4
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2answers
77 views

Database of Multicellular and Unicellular organisms?

I'm trying to annotate a list of organisms taken from NCBI for cellularity (unicellular or multicellular). Does any of you ever found a database with association between an organisms' name or taxa and ...
2
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1answer
69 views

Can (any) human cells learn?

I'm not talking about single celled organisms, but actual cells in your body. Is there any evidence that they can learn to, say, navigate an environment or avoid an aversive stimulus like an animal ...
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0answers
20 views

What models are used for the different pathways of apoptosis?

We are trying to find references for experimental models of different pathways of apoptosis (caspase-dependent and -independent intrinsic apoptosis, death receptor type-1 and -2 mediated apoptosis, ...
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0answers
12 views

Cell volumes of the MDCK, COS1 and ECV standard cell lines?

Where can I find information regarding their volumes? In general where can I find information regarding common cell types?
2
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1answer
170 views

How do some plants grow in salt water, while others die?

My question is basically out of curiosity and comes from observing how certain plants (such as mangroves or salt cedar) can grow in seawater. If this gives the plant an advantage, why haven't all ...
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2answers
62 views

Has an artificial symbiotic relationship ever been created?

Have 2 organisms ever been introduced to create a symbiotic relationship that doesn't occur in their natural environment?
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2answers
135 views

Can botulinum toxin be grown or kept from denaturing in an UNWRAPPED 50 pound hay bale?

Botulinum toxin is the neurotoxin protein created when botulism spores grow. The requirements for growth and/or for keeping the toxin from denaturing would seem to be very difficult to create in bale ...
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1answer
62 views

How do penicillin resistant bacteria grow slower in the presence of penicillin?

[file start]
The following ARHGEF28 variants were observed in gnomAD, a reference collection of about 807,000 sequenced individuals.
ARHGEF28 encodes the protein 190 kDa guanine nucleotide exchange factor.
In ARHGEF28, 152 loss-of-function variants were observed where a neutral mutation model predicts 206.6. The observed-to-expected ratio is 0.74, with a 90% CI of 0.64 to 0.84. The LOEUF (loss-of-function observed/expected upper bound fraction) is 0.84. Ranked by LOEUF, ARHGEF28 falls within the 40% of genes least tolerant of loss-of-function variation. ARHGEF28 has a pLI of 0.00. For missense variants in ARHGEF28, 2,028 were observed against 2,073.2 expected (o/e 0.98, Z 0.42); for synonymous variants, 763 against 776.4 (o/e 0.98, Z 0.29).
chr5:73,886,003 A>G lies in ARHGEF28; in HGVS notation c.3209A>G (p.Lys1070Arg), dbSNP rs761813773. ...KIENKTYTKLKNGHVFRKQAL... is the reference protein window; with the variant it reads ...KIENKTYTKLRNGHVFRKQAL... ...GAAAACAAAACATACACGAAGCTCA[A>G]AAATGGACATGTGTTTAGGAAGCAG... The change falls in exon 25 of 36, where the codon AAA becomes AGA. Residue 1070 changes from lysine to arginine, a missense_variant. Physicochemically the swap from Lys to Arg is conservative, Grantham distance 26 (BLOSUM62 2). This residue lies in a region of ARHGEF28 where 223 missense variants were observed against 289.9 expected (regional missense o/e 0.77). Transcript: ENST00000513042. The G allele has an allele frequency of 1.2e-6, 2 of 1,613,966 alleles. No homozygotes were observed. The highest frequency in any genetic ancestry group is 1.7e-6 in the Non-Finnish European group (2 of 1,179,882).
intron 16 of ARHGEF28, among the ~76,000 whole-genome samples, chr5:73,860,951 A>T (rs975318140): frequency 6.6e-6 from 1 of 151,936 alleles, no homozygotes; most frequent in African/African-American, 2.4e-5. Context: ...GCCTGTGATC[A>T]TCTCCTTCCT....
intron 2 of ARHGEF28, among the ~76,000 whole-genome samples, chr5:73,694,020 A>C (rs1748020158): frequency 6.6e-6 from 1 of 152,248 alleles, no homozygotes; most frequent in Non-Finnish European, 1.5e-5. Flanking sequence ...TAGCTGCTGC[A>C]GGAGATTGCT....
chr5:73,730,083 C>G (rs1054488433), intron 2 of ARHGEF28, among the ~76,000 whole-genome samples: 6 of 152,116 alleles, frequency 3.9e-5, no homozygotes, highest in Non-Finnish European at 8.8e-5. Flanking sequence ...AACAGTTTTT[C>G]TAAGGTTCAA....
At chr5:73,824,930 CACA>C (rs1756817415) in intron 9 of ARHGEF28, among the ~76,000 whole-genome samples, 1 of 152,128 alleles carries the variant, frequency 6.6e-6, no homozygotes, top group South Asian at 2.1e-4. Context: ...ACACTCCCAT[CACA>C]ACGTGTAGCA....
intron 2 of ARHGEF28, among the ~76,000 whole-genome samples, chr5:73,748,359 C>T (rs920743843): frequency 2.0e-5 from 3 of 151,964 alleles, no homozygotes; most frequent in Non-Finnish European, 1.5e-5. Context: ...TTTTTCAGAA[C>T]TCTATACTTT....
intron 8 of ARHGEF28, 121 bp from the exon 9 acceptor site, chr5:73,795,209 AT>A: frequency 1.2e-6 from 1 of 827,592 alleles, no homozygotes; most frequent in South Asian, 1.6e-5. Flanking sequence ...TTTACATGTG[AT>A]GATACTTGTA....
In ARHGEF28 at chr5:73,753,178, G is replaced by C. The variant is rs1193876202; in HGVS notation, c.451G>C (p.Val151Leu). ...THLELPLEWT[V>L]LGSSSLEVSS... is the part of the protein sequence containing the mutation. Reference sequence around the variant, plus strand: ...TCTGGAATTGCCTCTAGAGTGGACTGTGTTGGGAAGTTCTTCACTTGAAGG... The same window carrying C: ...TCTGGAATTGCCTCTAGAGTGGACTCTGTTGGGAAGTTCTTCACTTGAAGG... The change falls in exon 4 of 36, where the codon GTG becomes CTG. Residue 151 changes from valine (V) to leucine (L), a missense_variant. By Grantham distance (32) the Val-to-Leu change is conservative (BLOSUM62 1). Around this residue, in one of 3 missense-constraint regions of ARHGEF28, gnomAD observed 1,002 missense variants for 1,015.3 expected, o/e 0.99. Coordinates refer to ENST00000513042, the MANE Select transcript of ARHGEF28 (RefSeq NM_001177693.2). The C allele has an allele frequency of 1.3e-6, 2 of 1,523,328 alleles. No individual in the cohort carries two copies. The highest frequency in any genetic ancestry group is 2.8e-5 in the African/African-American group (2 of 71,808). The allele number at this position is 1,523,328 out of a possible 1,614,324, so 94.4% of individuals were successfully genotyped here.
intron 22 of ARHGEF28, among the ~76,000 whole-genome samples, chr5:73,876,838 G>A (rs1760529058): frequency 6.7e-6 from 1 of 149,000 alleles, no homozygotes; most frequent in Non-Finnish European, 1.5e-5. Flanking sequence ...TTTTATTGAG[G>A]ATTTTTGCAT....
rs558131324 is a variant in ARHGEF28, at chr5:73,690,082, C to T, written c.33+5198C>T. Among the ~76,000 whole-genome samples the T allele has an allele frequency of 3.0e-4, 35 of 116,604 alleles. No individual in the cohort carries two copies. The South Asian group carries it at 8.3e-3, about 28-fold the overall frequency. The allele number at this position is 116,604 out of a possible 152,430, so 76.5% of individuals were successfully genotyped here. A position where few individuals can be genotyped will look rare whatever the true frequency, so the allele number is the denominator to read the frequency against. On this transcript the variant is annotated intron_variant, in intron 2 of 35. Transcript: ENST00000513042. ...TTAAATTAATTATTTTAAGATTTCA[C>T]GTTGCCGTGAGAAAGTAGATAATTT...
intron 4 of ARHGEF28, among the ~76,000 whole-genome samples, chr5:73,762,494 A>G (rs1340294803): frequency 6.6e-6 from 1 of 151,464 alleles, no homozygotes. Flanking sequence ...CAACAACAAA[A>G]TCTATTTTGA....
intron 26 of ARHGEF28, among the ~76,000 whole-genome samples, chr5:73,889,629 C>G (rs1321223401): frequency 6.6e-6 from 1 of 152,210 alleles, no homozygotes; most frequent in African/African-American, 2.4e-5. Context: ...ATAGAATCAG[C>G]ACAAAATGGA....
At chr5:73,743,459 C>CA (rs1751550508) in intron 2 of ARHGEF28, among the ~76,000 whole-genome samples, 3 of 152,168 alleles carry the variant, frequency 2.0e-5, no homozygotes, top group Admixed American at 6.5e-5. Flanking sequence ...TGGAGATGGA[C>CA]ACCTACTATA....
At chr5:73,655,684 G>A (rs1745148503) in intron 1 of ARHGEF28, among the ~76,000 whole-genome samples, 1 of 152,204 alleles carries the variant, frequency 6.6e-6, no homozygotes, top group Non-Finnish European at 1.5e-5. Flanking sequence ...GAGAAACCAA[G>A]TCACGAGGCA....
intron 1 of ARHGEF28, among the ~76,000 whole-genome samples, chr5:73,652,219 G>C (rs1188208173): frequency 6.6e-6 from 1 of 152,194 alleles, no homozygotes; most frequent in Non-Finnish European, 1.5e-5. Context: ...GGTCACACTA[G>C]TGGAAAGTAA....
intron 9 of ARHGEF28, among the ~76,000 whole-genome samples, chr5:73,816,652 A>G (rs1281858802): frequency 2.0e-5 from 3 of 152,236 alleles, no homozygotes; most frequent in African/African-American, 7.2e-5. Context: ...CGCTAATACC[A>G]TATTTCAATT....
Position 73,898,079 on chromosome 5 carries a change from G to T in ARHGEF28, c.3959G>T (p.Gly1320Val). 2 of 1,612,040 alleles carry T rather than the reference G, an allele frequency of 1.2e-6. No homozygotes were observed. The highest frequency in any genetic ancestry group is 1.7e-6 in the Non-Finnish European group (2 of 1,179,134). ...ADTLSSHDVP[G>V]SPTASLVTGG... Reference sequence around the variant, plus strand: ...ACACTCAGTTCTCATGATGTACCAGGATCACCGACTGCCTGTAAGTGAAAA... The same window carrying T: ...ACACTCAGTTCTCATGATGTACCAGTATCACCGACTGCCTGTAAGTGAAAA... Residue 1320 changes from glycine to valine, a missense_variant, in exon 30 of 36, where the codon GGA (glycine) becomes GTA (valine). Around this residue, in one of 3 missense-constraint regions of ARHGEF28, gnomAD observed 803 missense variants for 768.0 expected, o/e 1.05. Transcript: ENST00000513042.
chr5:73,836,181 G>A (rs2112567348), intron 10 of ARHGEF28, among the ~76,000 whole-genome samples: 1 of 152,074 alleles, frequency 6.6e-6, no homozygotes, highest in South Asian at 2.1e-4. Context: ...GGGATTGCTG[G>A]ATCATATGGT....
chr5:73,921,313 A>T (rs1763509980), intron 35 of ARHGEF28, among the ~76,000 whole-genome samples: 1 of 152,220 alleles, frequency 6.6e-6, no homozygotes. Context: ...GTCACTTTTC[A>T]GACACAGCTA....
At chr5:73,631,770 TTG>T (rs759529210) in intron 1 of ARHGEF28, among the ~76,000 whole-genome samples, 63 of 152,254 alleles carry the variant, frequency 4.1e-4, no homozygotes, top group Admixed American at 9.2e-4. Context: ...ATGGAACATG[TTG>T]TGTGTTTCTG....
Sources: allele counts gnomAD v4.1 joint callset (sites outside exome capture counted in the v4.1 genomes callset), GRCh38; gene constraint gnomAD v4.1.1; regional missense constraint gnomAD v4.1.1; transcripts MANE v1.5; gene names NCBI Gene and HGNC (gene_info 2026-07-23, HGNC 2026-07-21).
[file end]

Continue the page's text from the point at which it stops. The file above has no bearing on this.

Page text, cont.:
We put 2 flasks inoculated with Bacillus cereus in 37⁰C: one with 100μg/ml penicillin + 50μg/ml chloramphenicol and the other without penicillin. We found that the OD is higher in the one without the ...
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2answers
102 views

A photosynthesizing mouse?

N. Shubin's Your Inner Fish makes the point several times that there is a lot of functional similarity between some seemingly remote gene cousins. If that needed reinforcing we have the spider-goat, ...
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2answers
67 views

Cancer growth and cell division [closed]

I am confused about the prerequisites for cell division and cancer. Which of the following is necessary for the cell cycle to progress? Hormones Growth factor Cyclins Cyclin dependent kinases ...
2
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1answer
36 views

Trimming of tRNA precursors

From Molecular Biology of the Cell (4th edition) by Bruce Alberts et al. (Chp 6, Pg 338) : Both bacterial and eucaryotic tRNAs are typically synthesized as larger precursor tRNAs, and these are ...
2
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1answer
71 views

What cells don't have a primary cilium?

It is often stated that most cells in the human body have a primary cilium. Which ones don't? For which cells is it unknown?
5
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1answer
64 views

How does a Na+/H+ antiporter drive osmosis in this “osmotic motor”?

This recent paper in Cell describes a cancer cell using osmotic pressure to move in confined spaces. The cell preferentially inserts Na+/H+ antiporters in the leading membrane. I want someone to ...
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4answers
81 views

Exocytosis of mast cell secretory granules

I've been doing a bit of reading about mast cell degranulation and have become thoroughly lost while trying to understand how the secretory granules are actually secreted. I understand that there are ...
2
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1answer
73 views

Why are some scorpion species fluorescent under UV light?

It's known for some scorpion species such as Pandinus imperator, Heterometrus Petersii etc. to be shining under UV light. That makes them easier to capture and collect by humans. Is there any ...
2
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1answer
147 views

Why are red blood cells considered to be cells?

Wikipedia states that a cell is the basic structural, functional and biological unit of all known living organisms. Cells are the smallest unit of life that can replicate independently. It then ...
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0answers
20 views

MAPK signalling pathway initial conditions

I would like to know the initial conditions and locations of the chemical reagents in the MAPK cascasde. I'm going to plug this information into a reaction diffusion simulation. From reading ...